Time to update our vision of public health in environmental policy?

Time to update our vision of public health in environmental policy?

By Bobby Cochran, Teresa Jacobs, Tess Malijenovsky, and June Reyes

Decisions that affect the natural environment’s air, water, or lands typically impact the wellbeing of all species that depend on them. That’s why public health is a cornerstone of our most well-known environmental laws: the Clean Air Act, the Clean Water Act, and the National Environmental Policy Act. Despite the clear connection between the natural environment and public health, however, these fields have not evolved together with a shared vision.

Let’s dig into that more. In the Clean Air Act and Clean Water Act there is explicit language promoting health by reducing “significant threats to human health” or removing “acute, subacute, and chronic adverse health effects” from exposure to pollutants and other chemicals. The National Environmental Policy Act of 1969, we think, has an even more proactive vision of public health. It promised to “assure for all Americans safe, healthful, productive, and esthetically and culturally pleasing surroundings,” and included in the charge for the Council on Environmental Quality to “develop and recommend to the President national policies to foster and promote the improvement of environmental quality to meet the conservation, social, economic, health, and other requirements and goals of the Nation.”

The connection between health and the environment has traditionally been made in terms of environmental risks that impact human health either by exposing people to harmful agents, or indirectly by degradation of ecosystems that humans depends on.

In Oregon, we’ve been working to expand  that traditional view. A coalition of business, government, and health leaders are trying to make Oregon the healthiest state. A number of initiatives are underway, like the Oregon Health and Outdoors Action Framework, launched last fall, which is looking at how to catalyze stronger bonds between people and the outdoors in ways that improve both health and environmental outcomes.


This figure is used by County Health Rankings to illustrate what they understand to be the influences of what makes people sick or healthy.

Conservationists and environmentalists still have a ways to go, but our partners in the field of public health are already adopting a more holistic approach to public health. There is growing emphasis on the social determinants of health—jobs, education, neighborhood and environment, and social and community context. These are the conditions in which people are born, live, work, and age that are mostly responsible for the unfair and avoidable differences in health status within communities. For example, people of lower socioeconomic status typically have more chronic disease, and are more likely to smoke and to be obese, according to the Oregon Health Authority.  In other words, according to County Health Rankings, access to clinical care and healthy behavior are only part of a person or a community’s health.. As a result, hospitals, insurers, and state Medicaid programs are investing in ways to improve on these social determinants of health. And, there is already guidance on how to incorporate health into all policies.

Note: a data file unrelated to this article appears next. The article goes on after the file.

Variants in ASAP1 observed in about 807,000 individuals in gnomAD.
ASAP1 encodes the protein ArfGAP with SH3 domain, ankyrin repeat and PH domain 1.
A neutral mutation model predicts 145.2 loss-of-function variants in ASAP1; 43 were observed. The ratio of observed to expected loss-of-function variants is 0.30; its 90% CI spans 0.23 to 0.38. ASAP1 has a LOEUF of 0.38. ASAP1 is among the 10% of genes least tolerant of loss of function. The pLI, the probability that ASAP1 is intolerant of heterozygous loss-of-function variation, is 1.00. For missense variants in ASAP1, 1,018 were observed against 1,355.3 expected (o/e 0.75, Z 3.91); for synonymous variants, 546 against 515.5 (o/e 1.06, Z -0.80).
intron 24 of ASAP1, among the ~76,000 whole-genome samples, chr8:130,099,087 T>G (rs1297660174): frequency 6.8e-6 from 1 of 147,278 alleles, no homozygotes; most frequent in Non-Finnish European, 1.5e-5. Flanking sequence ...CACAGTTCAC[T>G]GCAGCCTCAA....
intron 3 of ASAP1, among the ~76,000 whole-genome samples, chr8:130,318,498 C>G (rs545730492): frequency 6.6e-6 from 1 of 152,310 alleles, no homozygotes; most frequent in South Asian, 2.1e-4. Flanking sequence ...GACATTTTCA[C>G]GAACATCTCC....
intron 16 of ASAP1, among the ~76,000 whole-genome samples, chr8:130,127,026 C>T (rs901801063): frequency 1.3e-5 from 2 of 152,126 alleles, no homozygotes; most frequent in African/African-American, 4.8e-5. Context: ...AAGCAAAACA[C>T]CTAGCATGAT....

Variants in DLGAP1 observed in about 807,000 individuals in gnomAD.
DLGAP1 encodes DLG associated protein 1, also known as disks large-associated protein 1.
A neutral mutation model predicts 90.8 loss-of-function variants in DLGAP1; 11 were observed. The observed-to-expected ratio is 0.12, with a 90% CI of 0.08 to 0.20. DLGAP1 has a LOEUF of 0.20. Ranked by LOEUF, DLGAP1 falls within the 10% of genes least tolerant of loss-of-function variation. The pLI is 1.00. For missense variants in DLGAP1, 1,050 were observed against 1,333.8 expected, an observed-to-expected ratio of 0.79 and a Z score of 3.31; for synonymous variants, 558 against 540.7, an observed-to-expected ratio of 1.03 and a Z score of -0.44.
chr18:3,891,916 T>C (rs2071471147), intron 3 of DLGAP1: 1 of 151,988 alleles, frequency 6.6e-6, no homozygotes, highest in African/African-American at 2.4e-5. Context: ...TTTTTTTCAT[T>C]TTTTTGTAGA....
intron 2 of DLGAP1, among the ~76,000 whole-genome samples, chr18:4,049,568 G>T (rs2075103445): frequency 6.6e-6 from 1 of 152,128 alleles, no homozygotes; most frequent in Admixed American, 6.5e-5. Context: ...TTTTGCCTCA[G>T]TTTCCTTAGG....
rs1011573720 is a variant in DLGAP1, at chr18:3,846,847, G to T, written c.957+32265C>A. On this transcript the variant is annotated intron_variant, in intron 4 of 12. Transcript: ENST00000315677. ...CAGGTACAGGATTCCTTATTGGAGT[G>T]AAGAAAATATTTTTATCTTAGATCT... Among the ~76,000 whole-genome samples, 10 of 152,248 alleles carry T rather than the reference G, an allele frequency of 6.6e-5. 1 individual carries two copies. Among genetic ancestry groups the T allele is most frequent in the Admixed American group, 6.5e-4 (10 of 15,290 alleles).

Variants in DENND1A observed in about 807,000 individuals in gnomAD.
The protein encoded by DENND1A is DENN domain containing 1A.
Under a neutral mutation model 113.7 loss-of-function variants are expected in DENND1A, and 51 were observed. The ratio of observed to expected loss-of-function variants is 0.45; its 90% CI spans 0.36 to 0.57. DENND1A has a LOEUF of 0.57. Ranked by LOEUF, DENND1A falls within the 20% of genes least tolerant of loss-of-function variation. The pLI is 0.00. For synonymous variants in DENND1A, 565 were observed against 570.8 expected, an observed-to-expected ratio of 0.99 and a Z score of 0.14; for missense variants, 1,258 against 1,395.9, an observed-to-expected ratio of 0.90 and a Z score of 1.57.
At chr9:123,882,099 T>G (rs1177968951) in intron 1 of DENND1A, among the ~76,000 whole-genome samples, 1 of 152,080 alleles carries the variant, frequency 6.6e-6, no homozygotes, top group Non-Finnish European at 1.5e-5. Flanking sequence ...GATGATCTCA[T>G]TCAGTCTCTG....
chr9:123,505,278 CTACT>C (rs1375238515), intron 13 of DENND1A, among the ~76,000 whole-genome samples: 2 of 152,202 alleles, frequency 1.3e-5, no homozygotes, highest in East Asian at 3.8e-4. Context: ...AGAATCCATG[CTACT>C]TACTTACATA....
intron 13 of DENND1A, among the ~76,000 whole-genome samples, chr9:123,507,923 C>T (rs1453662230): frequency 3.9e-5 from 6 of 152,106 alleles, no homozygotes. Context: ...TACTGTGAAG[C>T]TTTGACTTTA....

So, what if we looked at the health world’s efforts to think more systematically about health and apply that growing base of evidence, knowledge, and community participation toward how we implement our environmental policies?

We’re not sure what the right answers are, but we want to have that conversation. So let’s think about:

What would it take to update the vision of public health in the Clean Air, Clean Water, and other environmental laws?


What would it take to incorporate a vision for a resilient environment into national policies for healthcare and public health?

Bobby Cochran led Willamette Partnership's work around building community resilience and innovation. He is passionate about supporting community leaders to move resources from dumb stuff to better stuff - especially when that means clean water, better health, and economic inclusion. Bobby is now with the Rural Community Assistance Partnership. He received a Ph.D./M.A. in Urban Studies/Conflict Resolution from Portland State University.


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